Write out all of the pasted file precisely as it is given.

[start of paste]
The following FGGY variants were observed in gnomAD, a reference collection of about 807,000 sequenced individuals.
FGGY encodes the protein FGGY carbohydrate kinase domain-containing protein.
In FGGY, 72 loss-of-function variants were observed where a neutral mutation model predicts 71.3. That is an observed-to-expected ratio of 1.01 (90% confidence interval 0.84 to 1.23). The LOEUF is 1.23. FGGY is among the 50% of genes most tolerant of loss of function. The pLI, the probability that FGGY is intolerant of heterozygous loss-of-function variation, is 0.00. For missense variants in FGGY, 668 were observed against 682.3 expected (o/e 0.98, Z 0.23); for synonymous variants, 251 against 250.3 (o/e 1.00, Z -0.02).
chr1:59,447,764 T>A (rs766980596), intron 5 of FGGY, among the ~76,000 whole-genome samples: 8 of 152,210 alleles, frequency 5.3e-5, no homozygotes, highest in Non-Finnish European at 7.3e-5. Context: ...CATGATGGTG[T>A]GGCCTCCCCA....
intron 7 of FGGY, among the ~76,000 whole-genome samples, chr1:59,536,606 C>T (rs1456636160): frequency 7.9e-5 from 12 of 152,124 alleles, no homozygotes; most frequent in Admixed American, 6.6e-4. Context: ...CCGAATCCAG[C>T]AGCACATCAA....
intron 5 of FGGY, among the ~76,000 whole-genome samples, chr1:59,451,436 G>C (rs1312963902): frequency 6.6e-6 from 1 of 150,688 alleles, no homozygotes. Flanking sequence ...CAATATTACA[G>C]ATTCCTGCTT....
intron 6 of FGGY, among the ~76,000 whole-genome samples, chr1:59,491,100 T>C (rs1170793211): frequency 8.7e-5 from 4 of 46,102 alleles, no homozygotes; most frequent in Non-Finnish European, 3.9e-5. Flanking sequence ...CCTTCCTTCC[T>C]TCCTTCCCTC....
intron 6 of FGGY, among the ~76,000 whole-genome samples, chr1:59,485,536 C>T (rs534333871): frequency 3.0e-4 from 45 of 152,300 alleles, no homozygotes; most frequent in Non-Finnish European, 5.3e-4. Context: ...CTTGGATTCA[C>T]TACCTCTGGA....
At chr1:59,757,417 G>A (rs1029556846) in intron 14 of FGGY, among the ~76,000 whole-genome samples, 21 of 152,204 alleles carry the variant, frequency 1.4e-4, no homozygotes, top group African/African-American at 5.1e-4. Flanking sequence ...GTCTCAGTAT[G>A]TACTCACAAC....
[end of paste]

The following FGGY variants were observed in gnomAD, a reference collection of about 807,000 sequenced individuals.
FGGY encodes the protein FGGY carbohydrate kinase domain-containing protein.
In FGGY, 72 loss-of-function variants were observed where a neutral mutation model predicts 71.3. That is an observed-to-expected ratio of 1.01 (90% confidence interval 0.84 to 1.23). The LOEUF is 1.23. FGGY is among the 50% of genes most tolerant of loss of function. The pLI, the probability that FGGY is intolerant of heterozygous loss-of-function variation, is 0.00. For missense variants in FGGY, 668 were observed against 682.3 expected (o/e 0.98, Z 0.23); for synonymous variants, 251 against 250.3 (o/e 1.00, Z -0.02).
chr1:59,447,764 T>A (rs766980596), intron 5 of FGGY, among the ~76,000 whole-genome samples: 8 of 152,210 alleles, frequency 5.3e-5, no homozygotes, highest in Non-Finnish European at 7.3e-5. Context: ...CATGATGGTG[T>A]GGCCTCCCCA....
intron 7 of FGGY, among the ~76,000 whole-genome samples, chr1:59,536,606 C>T (rs1456636160): frequency 7.9e-5 from 12 of 152,124 alleles, no homozygotes; most frequent in Admixed American, 6.6e-4. Context: ...CCGAATCCAG[C>T]AGCACATCAA....
intron 5 of FGGY, among the ~76,000 whole-genome samples, chr1:59,451,436 G>C (rs1312963902): frequency 6.6e-6 from 1 of 150,688 alleles, no homozygotes. Flanking sequence ...CAATATTACA[G>C]ATTCCTGCTT....
intron 6 of FGGY, among the ~76,000 whole-genome samples, chr1:59,491,100 T>C (rs1170793211): frequency 8.7e-5 from 4 of 46,102 alleles, no homozygotes; most frequent in Non-Finnish European, 3.9e-5. Flanking sequence ...CCTTCCTTCC[T>C]TCCTTCCCTC....
intron 6 of FGGY, among the ~76,000 whole-genome samples, chr1:59,485,536 C>T (rs534333871): frequency 3.0e-4 from 45 of 152,300 alleles, no homozygotes; most frequent in Non-Finnish European, 5.3e-4. Context: ...CTTGGATTCA[C>T]TACCTCTGGA....
At chr1:59,757,417 G>A (rs1029556846) in intron 14 of FGGY, among the ~76,000 whole-genome samples, 21 of 152,204 alleles carry the variant, frequency 1.4e-4, no homozygotes, top group African/African-American at 5.1e-4. Flanking sequence ...GTCTCAGTAT[G>A]TACTCACAAC....